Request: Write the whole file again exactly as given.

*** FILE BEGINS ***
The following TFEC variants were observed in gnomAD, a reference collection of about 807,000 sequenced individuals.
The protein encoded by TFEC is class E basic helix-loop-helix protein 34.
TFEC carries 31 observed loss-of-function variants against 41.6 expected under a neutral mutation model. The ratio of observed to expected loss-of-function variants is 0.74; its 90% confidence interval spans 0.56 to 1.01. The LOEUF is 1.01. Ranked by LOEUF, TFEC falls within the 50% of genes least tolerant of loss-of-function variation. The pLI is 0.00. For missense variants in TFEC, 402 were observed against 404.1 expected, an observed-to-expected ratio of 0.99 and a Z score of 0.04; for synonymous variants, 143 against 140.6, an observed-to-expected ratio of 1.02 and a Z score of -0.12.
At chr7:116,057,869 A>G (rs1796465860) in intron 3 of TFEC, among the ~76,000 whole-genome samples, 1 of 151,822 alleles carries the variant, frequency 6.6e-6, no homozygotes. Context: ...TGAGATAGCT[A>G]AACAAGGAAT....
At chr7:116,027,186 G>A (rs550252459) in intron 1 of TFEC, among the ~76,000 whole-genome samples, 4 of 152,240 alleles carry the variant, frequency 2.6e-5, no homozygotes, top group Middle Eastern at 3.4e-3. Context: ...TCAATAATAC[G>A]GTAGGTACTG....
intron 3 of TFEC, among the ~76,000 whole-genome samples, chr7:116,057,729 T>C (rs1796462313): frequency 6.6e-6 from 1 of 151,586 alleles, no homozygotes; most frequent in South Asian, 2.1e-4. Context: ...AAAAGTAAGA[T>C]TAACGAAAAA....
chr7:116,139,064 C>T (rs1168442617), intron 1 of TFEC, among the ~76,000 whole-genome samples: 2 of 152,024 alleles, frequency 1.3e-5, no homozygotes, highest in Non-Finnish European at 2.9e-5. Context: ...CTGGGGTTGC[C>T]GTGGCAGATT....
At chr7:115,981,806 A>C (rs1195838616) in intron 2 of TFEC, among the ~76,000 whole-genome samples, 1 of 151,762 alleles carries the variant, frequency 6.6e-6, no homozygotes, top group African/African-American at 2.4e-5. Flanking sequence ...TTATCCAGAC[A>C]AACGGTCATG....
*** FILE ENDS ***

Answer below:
The following TFEC variants were observed in gnomAD, a reference collection of about 807,000 sequenced individuals.
The protein encoded by TFEC is class E basic helix-loop-helix protein 34.
TFEC carries 31 observed loss-of-function variants against 41.6 expected under a neutral mutation model. The ratio of observed to expected loss-of-function variants is 0.74; its 90% confidence interval spans 0.56 to 1.01. The LOEUF is 1.01. Ranked by LOEUF, TFEC falls within the 50% of genes least tolerant of loss-of-function variation. The pLI is 0.00. For missense variants in TFEC, 402 were observed against 404.1 expected, an observed-to-expected ratio of 0.99 and a Z score of 0.04; for synonymous variants, 143 against 140.6, an observed-to-expected ratio of 1.02 and a Z score of -0.12.
At chr7:116,057,869 A>G (rs1796465860) in intron 3 of TFEC, among the ~76,000 whole-genome samples, 1 of 151,822 alleles carries the variant, frequency 6.6e-6, no homozygotes. Context: ...TGAGATAGCT[A>G]AACAAGGAAT....
At chr7:116,027,186 G>A (rs550252459) in intron 1 of TFEC, among the ~76,000 whole-genome samples, 4 of 152,240 alleles carry the variant, frequency 2.6e-5, no homozygotes, top group Middle Eastern at 3.4e-3. Context: ...TCAATAATAC[G>A]GTAGGTACTG....
intron 3 of TFEC, among the ~76,000 whole-genome samples, chr7:116,057,729 T>C (rs1796462313): frequency 6.6e-6 from 1 of 151,586 alleles, no homozygotes; most frequent in South Asian, 2.1e-4. Context: ...AAAAGTAAGA[T>C]TAACGAAAAA....
chr7:116,139,064 C>T (rs1168442617), intron 1 of TFEC, among the ~76,000 whole-genome samples: 2 of 152,024 alleles, frequency 1.3e-5, no homozygotes, highest in Non-Finnish European at 2.9e-5. Context: ...CTGGGGTTGC[C>T]GTGGCAGATT....
At chr7:115,981,806 A>C (rs1195838616) in intron 2 of TFEC, among the ~76,000 whole-genome samples, 1 of 151,762 alleles carries the variant, frequency 6.6e-6, no homozygotes, top group African/African-American at 2.4e-5. Flanking sequence ...TTATCCAGAC[A>C]AACGGTCATG....